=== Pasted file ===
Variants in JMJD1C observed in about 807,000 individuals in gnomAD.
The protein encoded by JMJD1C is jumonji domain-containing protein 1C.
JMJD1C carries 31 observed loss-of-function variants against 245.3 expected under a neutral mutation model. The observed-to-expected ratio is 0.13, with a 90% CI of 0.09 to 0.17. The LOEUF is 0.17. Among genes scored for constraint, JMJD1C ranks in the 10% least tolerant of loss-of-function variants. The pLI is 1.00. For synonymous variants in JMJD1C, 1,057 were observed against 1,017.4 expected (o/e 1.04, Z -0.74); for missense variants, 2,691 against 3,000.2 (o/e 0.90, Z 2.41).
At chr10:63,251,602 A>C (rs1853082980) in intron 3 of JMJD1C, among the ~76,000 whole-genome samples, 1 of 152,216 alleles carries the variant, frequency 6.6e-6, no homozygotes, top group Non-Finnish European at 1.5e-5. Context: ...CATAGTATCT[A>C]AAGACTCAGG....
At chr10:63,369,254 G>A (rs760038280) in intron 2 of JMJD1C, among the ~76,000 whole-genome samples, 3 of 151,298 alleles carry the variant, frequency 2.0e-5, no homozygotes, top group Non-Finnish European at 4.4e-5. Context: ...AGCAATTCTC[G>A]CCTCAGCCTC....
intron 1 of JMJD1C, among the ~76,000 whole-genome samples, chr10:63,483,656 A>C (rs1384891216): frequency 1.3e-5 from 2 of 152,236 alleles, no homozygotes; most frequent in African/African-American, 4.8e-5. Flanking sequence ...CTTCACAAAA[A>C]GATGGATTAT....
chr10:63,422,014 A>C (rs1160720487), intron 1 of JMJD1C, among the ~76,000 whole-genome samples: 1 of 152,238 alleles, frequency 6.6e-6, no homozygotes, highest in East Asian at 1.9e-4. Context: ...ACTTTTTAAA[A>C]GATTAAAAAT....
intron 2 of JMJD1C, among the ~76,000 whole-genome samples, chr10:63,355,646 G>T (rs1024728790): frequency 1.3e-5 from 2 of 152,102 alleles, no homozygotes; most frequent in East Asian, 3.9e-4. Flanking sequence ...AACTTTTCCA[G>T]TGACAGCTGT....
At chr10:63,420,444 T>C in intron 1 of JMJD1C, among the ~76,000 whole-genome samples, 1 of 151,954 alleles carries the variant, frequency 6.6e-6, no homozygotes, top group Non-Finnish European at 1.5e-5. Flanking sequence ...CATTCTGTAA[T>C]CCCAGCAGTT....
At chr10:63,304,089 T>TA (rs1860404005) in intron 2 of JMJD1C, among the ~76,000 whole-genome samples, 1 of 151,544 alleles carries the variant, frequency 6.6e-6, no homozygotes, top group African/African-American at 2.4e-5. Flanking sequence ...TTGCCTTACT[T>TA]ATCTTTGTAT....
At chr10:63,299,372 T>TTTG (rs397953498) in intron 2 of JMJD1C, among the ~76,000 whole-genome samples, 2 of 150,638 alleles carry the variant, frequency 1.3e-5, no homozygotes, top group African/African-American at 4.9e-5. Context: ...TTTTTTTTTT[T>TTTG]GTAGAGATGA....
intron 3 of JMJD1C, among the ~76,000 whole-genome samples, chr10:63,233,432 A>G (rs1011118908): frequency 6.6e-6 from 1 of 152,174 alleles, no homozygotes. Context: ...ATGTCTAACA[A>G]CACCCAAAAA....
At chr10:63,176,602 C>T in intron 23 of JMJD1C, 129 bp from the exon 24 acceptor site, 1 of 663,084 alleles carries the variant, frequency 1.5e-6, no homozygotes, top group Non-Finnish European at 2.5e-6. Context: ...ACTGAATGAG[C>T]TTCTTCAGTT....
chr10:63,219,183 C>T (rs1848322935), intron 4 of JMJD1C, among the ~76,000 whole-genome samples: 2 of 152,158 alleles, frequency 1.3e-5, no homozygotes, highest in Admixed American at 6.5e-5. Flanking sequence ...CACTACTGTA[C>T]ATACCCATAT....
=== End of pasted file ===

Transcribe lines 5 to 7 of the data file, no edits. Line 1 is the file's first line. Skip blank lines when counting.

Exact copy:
At chr10:63,369,254 G>A (rs760038280) in intron 2 of JMJD1C, among the ~76,000 whole-genome samples, 3 of 151,298 alleles carry the variant, frequency 2.0e-5, no homozygotes, top group Non-Finnish European at 4.4e-5. Context: ...AGCAATTCTC[G>A]CCTCAGCCTC....
intron 1 of JMJD1C, among the ~76,000 whole-genome samples, chr10:63,483,656 A>C (rs1384891216): frequency 1.3e-5 from 2 of 152,236 alleles, no homozygotes; most frequent in African/African-American, 4.8e-5. Flanking sequence ...CTTCACAAAA[A>C]GATGGATTAT....
chr10:63,422,014 A>C (rs1160720487), intron 1 of JMJD1C, among the ~76,000 whole-genome samples: 1 of 152,238 alleles, frequency 6.6e-6, no homozygotes, highest in East Asian at 1.9e-4. Context: ...ACTTTTTAAA[A>C]GATTAAAAAT....